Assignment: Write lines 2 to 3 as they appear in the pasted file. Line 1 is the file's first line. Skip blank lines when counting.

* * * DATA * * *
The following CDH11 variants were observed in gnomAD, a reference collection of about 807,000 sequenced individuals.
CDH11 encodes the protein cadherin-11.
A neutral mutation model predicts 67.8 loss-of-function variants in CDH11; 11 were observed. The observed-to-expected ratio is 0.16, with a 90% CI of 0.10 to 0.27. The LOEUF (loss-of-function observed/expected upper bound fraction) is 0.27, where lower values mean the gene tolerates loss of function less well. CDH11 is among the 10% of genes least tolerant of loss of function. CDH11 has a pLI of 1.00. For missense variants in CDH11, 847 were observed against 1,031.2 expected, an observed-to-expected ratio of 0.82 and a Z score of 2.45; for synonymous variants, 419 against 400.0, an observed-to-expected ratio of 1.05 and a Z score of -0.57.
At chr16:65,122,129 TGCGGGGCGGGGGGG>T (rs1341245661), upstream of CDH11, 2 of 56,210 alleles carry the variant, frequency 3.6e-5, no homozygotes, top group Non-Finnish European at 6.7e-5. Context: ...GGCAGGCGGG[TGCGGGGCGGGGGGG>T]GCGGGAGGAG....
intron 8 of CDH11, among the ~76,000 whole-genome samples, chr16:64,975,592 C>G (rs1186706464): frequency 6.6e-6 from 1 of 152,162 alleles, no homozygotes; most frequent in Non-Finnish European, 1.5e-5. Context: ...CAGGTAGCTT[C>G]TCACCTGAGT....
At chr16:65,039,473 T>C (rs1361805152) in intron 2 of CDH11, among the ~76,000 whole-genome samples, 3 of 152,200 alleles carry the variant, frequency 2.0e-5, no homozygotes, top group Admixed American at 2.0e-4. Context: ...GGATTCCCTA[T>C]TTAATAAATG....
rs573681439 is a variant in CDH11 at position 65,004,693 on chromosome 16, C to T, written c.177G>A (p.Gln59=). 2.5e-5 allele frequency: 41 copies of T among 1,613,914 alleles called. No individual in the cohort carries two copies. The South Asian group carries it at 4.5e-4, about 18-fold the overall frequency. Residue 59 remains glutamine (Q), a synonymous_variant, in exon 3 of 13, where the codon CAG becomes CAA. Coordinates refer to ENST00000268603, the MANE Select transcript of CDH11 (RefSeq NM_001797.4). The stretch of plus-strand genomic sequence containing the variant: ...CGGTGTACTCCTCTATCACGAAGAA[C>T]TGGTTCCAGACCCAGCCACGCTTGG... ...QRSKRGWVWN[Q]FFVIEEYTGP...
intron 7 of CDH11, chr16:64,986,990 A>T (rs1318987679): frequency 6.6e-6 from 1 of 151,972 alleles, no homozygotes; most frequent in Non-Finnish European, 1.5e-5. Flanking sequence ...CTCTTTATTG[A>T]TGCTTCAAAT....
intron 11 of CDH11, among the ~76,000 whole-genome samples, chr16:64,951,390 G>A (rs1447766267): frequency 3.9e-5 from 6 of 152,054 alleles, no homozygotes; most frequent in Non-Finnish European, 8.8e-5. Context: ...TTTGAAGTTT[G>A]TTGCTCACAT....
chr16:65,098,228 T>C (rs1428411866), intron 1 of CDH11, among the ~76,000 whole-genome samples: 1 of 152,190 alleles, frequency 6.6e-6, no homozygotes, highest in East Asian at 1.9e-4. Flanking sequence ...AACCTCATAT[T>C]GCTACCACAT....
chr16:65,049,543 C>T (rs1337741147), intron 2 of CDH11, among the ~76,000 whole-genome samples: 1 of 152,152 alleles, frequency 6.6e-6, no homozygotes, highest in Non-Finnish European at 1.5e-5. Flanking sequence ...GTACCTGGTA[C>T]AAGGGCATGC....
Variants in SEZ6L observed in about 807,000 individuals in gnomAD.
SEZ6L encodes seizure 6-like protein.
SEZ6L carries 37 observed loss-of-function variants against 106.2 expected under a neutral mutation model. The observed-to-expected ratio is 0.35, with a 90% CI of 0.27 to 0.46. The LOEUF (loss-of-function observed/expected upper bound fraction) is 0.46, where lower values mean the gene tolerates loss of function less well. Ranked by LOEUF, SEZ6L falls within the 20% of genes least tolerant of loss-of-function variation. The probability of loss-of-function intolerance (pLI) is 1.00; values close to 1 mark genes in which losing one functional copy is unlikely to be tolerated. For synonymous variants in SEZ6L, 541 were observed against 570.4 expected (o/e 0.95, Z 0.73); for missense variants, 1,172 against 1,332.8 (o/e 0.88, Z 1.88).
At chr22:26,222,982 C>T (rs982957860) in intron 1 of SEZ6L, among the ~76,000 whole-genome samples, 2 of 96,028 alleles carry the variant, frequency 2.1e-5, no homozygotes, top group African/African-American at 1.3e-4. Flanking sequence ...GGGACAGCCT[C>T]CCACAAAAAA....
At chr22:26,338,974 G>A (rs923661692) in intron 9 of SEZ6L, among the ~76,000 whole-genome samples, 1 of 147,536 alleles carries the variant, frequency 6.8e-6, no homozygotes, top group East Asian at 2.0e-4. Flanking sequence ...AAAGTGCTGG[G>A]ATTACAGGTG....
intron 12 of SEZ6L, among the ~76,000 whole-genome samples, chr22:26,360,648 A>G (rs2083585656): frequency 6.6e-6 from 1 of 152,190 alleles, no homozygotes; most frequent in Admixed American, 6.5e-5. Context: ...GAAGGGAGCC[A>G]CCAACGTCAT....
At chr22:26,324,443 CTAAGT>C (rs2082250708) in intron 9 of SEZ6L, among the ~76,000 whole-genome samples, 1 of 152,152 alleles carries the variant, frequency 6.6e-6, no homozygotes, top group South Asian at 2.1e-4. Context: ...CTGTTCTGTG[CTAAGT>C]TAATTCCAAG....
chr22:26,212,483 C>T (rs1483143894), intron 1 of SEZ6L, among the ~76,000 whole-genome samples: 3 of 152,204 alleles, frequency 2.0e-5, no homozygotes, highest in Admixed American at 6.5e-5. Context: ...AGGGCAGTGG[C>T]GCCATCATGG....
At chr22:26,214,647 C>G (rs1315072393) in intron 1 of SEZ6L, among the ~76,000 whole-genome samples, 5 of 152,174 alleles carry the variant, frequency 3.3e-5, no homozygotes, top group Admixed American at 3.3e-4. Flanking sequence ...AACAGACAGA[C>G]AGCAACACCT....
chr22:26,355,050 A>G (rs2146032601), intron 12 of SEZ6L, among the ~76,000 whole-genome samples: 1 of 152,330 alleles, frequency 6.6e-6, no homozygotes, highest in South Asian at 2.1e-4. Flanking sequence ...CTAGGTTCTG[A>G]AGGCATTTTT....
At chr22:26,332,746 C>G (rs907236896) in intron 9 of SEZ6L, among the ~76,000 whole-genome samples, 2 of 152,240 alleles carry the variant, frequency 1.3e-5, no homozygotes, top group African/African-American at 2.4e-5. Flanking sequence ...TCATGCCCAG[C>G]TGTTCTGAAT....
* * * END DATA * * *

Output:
CDH11 encodes the protein cadherin-11.
A neutral mutation model predicts 67.8 loss-of-function variants in CDH11; 11 were observed. The observed-to-expected ratio is 0.16, with a 90% CI of 0.10 to 0.27. The LOEUF (loss-of-function observed/expected upper bound fraction) is 0.27, where lower values mean the gene tolerates loss of function less well. CDH11 is among the 10% of genes least tolerant of loss of function. CDH11 has a pLI of 1.00. For missense variants in CDH11, 847 were observed against 1,031.2 expected, an observed-to-expected ratio of 0.82 and a Z score of 2.45; for synonymous variants, 419 against 400.0, an observed-to-expected ratio of 1.05 and a Z score of -0.57.